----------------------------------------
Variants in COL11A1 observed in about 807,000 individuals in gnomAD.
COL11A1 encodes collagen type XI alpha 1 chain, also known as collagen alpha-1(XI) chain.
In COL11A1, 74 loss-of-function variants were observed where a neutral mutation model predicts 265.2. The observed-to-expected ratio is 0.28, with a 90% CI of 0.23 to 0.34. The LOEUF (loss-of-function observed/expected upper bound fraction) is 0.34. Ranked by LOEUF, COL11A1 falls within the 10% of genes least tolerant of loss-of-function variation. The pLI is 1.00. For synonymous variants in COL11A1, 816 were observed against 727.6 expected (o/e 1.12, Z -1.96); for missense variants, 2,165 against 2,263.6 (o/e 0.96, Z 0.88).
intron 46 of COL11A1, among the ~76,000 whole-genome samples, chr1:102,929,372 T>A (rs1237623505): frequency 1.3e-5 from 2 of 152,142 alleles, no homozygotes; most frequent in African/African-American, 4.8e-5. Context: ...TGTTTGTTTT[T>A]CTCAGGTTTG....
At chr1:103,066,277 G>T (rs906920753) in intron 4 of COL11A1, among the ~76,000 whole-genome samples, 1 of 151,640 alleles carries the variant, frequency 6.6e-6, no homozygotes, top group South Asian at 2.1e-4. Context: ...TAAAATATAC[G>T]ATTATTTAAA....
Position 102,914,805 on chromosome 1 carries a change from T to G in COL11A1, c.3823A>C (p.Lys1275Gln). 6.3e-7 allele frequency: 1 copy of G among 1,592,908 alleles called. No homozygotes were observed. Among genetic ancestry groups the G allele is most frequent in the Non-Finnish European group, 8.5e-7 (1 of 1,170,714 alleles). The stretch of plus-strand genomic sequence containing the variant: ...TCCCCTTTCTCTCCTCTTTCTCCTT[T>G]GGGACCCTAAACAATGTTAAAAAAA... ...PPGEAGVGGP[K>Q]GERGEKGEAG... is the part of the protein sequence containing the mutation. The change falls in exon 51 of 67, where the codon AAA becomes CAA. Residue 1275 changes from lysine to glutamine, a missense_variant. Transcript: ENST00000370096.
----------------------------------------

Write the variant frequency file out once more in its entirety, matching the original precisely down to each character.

Variants in COL11A1 observed in about 807,000 individuals in gnomAD.
COL11A1 encodes collagen type XI alpha 1 chain, also known as collagen alpha-1(XI) chain.
In COL11A1, 74 loss-of-function variants were observed where a neutral mutation model predicts 265.2. The observed-to-expected ratio is 0.28, with a 90% CI of 0.23 to 0.34. The LOEUF (loss-of-function observed/expected upper bound fraction) is 0.34. Ranked by LOEUF, COL11A1 falls within the 10% of genes least tolerant of loss-of-function variation. The pLI is 1.00. For synonymous variants in COL11A1, 816 were observed against 727.6 expected (o/e 1.12, Z -1.96); for missense variants, 2,165 against 2,263.6 (o/e 0.96, Z 0.88).
intron 46 of COL11A1, among the ~76,000 whole-genome samples, chr1:102,929,372 T>A (rs1237623505): frequency 1.3e-5 from 2 of 152,142 alleles, no homozygotes; most frequent in African/African-American, 4.8e-5. Context: ...TGTTTGTTTT[T>A]CTCAGGTTTG....
At chr1:103,066,277 G>T (rs906920753) in intron 4 of COL11A1, among the ~76,000 whole-genome samples, 1 of 151,640 alleles carries the variant, frequency 6.6e-6, no homozygotes, top group South Asian at 2.1e-4. Context: ...TAAAATATAC[G>T]ATTATTTAAA....
Position 102,914,805 on chromosome 1 carries a change from T to G in COL11A1, c.3823A>C (p.Lys1275Gln). 6.3e-7 allele frequency: 1 copy of G among 1,592,908 alleles called. No homozygotes were observed. Among genetic ancestry groups the G allele is most frequent in the Non-Finnish European group, 8.5e-7 (1 of 1,170,714 alleles). The stretch of plus-strand genomic sequence containing the variant: ...TCCCCTTTCTCTCCTCTTTCTCCTT[T>G]GGGACCCTAAACAATGTTAAAAAAA... ...PPGEAGVGGP[K>Q]GERGEKGEAG... is the part of the protein sequence containing the mutation. The change falls in exon 51 of 67, where the codon AAA becomes CAA. Residue 1275 changes from lysine to glutamine, a missense_variant. Transcript: ENST00000370096.